One of the areas of great interest are the ocean creatures that can cause injury to a surfer or ocean enthusiast. Dr Nathanson is an active and avid traveler as well as an expert in ocean creature injuries and their treatment.

Surfers share the surf break with a huge variety of marine animals. While the vast majority of these species are harmless, a few have the ability to cause harm by biting, stinging, or poking the unwary surfer.  In the section that follows, we will discuss injuries, treatment and prevention of bites and stings from hazardous sea life.

 

SHARKS

Shark attacks are a recurrent theme when discussing risks associated with the sport of surfing. There is probably no primordial fear more ingrained in the human psyche than that of being consumed by a prehistoric creature with razor-like teeth and powerful jaws.  Indeed such visions keep many from attempting the sport at all.

Fortunately the hype does not match the reality. Over the last decade there have been an average of only 75 shark attacks a year world-wide, and less than 10% of those are fatal1. Unfortunately, surfers are victims of about half of those attacks1. By contrast, the most dangerous animal of all, the mosquito, is responsible for 750,000 deaths per year.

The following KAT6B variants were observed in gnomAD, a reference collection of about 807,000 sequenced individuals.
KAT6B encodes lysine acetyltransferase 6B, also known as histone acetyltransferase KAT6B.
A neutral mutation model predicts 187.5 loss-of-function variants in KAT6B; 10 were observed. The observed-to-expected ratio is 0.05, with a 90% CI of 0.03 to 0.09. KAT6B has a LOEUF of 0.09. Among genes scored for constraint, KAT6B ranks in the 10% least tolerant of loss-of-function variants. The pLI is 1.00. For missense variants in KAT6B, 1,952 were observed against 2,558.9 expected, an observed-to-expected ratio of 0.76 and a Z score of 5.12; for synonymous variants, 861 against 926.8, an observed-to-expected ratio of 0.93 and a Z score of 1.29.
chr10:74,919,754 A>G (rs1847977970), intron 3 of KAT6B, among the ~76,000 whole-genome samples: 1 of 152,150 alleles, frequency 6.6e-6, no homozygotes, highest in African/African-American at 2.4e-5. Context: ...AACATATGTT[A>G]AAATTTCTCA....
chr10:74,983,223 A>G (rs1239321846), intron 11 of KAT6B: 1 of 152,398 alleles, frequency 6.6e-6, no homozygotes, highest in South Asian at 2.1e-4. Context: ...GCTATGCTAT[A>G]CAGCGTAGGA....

Of the 350 species of sharks, 30 have been implicated in unprovoked human attacks, the most dangerous species being Great White, Tiger and Bull sharks. Attacks are most common in areas where surfers and sharks are in close proximity such as near seal-breeding colonies, steep drop-offs, or river mouths.  Surfers are also at risk in waters inhabited by sharks when water visibility is low due to turbidity and at dawn or dusk. Interestingly, most shark attacks appear to be accidental, as the shark often takes one bite, and then swims away.